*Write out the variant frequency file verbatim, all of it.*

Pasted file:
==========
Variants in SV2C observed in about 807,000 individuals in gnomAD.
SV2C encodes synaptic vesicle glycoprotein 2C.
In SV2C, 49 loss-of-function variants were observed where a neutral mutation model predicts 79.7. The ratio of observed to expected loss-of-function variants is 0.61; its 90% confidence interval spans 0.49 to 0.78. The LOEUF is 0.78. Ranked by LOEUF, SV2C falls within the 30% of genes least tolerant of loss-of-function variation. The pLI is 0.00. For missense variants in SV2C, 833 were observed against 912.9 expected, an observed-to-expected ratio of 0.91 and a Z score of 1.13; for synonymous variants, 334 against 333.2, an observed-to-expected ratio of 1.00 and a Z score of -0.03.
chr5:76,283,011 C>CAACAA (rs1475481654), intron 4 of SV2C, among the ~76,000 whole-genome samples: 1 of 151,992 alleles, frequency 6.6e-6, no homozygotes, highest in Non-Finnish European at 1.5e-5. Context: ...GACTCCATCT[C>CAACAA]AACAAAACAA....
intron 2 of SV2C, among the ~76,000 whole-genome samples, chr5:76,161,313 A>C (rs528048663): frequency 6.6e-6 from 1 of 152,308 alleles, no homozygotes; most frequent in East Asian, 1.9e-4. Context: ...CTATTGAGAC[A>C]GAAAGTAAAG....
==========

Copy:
Variants in SV2C observed in about 807,000 individuals in gnomAD.
SV2C encodes synaptic vesicle glycoprotein 2C.
In SV2C, 49 loss-of-function variants were observed where a neutral mutation model predicts 79.7. The ratio of observed to expected loss-of-function variants is 0.61; its 90% confidence interval spans 0.49 to 0.78. The LOEUF is 0.78. Ranked by LOEUF, SV2C falls within the 30% of genes least tolerant of loss-of-function variation. The pLI is 0.00. For missense variants in SV2C, 833 were observed against 912.9 expected, an observed-to-expected ratio of 0.91 and a Z score of 1.13; for synonymous variants, 334 against 333.2, an observed-to-expected ratio of 1.00 and a Z score of -0.03.
chr5:76,283,011 C>CAACAA (rs1475481654), intron 4 of SV2C, among the ~76,000 whole-genome samples: 1 of 151,992 alleles, frequency 6.6e-6, no homozygotes, highest in Non-Finnish European at 1.5e-5. Context: ...GACTCCATCT[C>CAACAA]AACAAAACAA....
intron 2 of SV2C, among the ~76,000 whole-genome samples, chr5:76,161,313 A>C (rs528048663): frequency 6.6e-6 from 1 of 152,308 alleles, no homozygotes; most frequent in East Asian, 1.9e-4. Context: ...CTATTGAGAC[A>C]GAAAGTAAAG....